Sloughing (pronounced "sluffing") in biology refers to the act of shedding or casting off dead tissue, such as cells of the endometrium, shed during menstruation, or the shedding of skin in amphibians.

Skin sloughing is the process of shedding dead surface cells from the skin.

In veterinary medicine, it may refer to the process where necrotic surface epithelial cells are discarded from the small intestinal mucosa following various infections which may occur within both monogastrics or ruminants.[1]

In medicine, slough may start occurring in pressure ulcers also known as decubitus ulcers or as bed sores at the stage 3, and in stage 4 levels of wound, infection, and damage.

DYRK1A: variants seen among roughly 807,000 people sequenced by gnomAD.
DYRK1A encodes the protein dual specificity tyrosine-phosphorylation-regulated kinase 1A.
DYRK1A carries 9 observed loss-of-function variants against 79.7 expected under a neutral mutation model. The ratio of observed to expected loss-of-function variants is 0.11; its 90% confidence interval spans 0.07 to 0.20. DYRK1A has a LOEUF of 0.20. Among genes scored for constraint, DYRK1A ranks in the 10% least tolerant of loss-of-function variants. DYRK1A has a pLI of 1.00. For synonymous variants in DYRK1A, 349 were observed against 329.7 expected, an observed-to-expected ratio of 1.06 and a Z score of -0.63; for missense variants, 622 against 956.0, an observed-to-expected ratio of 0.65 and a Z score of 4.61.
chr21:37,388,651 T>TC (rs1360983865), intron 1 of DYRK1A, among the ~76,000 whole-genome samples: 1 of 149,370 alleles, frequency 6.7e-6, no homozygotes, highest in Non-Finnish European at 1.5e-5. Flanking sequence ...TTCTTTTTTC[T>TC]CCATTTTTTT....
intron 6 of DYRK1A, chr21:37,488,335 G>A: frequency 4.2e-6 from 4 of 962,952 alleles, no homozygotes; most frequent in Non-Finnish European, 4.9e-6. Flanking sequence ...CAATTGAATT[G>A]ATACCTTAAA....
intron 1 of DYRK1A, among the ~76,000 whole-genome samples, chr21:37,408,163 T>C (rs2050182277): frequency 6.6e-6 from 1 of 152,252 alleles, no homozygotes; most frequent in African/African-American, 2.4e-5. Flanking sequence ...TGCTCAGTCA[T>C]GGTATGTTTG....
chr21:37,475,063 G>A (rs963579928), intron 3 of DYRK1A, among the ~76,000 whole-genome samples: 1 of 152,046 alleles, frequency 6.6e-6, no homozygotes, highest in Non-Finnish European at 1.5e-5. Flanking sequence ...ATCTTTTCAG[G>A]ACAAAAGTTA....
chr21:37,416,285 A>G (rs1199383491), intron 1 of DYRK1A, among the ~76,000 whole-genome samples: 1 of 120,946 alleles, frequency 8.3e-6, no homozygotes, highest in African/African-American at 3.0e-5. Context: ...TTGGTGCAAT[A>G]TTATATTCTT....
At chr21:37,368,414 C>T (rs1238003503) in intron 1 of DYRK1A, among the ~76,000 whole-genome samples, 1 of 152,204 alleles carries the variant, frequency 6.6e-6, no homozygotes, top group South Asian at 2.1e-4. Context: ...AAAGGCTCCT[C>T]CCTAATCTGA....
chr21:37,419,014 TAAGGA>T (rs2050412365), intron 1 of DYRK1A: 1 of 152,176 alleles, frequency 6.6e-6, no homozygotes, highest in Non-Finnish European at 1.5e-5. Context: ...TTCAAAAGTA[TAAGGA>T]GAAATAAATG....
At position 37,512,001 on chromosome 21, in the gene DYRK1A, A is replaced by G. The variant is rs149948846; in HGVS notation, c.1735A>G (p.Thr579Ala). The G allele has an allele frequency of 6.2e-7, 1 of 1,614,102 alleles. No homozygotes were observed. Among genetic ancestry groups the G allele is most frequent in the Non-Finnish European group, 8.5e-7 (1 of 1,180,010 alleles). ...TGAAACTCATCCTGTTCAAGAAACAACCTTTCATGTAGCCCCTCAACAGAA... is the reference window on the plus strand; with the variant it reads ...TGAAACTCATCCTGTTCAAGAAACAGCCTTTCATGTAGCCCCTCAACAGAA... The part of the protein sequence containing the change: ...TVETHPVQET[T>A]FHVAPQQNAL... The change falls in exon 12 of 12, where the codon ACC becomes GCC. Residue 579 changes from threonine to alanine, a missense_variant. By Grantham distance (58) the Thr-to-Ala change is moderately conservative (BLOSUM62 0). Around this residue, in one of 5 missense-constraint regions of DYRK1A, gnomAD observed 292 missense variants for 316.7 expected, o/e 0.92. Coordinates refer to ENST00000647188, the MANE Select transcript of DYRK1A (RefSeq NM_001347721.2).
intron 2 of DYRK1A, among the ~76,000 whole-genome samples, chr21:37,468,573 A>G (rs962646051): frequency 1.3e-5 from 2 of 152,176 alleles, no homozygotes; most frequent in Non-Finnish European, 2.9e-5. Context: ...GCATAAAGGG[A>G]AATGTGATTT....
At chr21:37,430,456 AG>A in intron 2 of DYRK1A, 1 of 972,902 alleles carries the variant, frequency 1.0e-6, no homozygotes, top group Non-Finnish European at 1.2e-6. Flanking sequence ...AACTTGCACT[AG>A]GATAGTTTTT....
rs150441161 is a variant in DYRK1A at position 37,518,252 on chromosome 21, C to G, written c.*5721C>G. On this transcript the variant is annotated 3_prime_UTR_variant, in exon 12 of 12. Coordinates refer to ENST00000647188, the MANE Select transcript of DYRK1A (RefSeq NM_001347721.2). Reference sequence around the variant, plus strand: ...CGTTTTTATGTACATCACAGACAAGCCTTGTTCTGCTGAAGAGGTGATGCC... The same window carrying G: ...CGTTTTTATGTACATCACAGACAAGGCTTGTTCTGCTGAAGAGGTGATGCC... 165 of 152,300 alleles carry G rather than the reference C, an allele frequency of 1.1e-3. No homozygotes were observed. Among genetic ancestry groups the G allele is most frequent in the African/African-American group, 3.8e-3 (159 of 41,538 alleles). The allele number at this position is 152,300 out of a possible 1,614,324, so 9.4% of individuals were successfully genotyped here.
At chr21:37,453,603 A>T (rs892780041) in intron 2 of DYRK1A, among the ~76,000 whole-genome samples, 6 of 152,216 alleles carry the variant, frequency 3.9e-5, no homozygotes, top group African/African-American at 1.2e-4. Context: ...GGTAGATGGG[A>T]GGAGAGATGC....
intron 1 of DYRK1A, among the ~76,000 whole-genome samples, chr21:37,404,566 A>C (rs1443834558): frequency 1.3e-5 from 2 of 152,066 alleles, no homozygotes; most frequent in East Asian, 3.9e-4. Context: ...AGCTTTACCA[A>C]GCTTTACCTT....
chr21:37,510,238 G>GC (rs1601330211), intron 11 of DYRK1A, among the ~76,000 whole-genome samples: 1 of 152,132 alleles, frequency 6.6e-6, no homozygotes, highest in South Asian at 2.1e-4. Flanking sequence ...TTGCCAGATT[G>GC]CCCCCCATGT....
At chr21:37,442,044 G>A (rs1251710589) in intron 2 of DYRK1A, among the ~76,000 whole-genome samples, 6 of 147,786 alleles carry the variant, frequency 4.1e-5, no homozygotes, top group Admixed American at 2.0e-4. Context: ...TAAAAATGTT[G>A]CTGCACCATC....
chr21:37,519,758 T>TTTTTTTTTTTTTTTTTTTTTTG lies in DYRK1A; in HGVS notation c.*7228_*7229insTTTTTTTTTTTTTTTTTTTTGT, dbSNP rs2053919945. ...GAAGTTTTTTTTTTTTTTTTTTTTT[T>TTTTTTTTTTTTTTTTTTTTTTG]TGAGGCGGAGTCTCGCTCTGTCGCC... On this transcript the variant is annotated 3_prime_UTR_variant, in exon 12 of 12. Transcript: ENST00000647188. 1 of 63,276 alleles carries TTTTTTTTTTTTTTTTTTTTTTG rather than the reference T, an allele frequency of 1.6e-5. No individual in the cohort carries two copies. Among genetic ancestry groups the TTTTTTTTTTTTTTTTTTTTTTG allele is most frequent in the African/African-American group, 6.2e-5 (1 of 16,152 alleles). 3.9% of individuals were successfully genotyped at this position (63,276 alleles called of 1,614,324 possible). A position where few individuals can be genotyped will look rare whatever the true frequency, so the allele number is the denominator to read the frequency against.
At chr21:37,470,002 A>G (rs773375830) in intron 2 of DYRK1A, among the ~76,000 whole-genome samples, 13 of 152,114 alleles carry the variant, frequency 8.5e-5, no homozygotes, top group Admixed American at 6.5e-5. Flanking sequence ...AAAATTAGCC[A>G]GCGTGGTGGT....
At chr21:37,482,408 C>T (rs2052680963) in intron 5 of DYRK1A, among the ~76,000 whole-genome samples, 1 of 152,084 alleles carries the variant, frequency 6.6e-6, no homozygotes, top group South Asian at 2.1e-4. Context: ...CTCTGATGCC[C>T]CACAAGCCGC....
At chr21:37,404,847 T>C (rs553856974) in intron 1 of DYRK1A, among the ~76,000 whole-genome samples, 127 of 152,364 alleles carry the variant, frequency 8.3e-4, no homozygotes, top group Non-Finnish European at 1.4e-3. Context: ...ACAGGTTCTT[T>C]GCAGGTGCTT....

In plants, sloughing occurs during root growth, where cells from the root cap are shed to the soil where they are biologically processed by microorganisms. Also, when a root undergoes secondary growth (transition from a primary root to a "woody" root), the cortex and epidermis become isolated from the rest of the root and are eventually sloughed.

See also

  • Desquamation- pathologic or non-pathologic skin shedding
  • Ecdysis- shedding of the skin or exoskeleton, mainly in arthropods
  • Eschar- piece(s) of necrotic tissue that are dead and cast off from the surface of the skin from wounds as part of the healing process.
  • Moulting- biological shedding of skin or integument in many animal species


  1. Dyce KM, Sack WO, Wensing CJG (2010). Textbook of Veterinary Anatomy (Fourth ed.).

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